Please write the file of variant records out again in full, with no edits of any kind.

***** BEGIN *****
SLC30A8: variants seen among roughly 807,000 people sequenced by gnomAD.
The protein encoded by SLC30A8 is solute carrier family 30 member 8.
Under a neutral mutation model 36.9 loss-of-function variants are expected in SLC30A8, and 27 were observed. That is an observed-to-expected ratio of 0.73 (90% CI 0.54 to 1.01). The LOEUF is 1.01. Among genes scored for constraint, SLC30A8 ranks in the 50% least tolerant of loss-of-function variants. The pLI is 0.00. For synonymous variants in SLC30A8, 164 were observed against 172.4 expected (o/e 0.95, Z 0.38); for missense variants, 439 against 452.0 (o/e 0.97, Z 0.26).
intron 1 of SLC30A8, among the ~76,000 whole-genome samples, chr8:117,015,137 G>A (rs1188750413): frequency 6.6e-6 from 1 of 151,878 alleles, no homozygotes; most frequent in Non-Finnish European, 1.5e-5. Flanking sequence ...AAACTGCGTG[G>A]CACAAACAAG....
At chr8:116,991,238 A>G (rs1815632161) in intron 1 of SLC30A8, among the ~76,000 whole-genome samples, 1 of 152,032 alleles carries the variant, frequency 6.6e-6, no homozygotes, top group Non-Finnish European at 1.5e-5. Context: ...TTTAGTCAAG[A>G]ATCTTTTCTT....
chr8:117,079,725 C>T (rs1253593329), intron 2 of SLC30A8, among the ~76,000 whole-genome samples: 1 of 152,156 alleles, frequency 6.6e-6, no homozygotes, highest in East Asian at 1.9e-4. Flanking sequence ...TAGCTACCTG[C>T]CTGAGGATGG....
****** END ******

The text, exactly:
SLC30A8: variants seen among roughly 807,000 people sequenced by gnomAD.
The protein encoded by SLC30A8 is solute carrier family 30 member 8.
Under a neutral mutation model 36.9 loss-of-function variants are expected in SLC30A8, and 27 were observed. That is an observed-to-expected ratio of 0.73 (90% CI 0.54 to 1.01). The LOEUF is 1.01. Among genes scored for constraint, SLC30A8 ranks in the 50% least tolerant of loss-of-function variants. The pLI is 0.00. For synonymous variants in SLC30A8, 164 were observed against 172.4 expected (o/e 0.95, Z 0.38); for missense variants, 439 against 452.0 (o/e 0.97, Z 0.26).
intron 1 of SLC30A8, among the ~76,000 whole-genome samples, chr8:117,015,137 G>A (rs1188750413): frequency 6.6e-6 from 1 of 151,878 alleles, no homozygotes; most frequent in Non-Finnish European, 1.5e-5. Flanking sequence ...AAACTGCGTG[G>A]CACAAACAAG....
At chr8:116,991,238 A>G (rs1815632161) in intron 1 of SLC30A8, among the ~76,000 whole-genome samples, 1 of 152,032 alleles carries the variant, frequency 6.6e-6, no homozygotes, top group Non-Finnish European at 1.5e-5. Context: ...TTTAGTCAAG[A>G]ATCTTTTCTT....
chr8:117,079,725 C>T (rs1253593329), intron 2 of SLC30A8, among the ~76,000 whole-genome samples: 1 of 152,156 alleles, frequency 6.6e-6, no homozygotes, highest in East Asian at 1.9e-4. Flanking sequence ...TAGCTACCTG[C>T]CTGAGGATGG....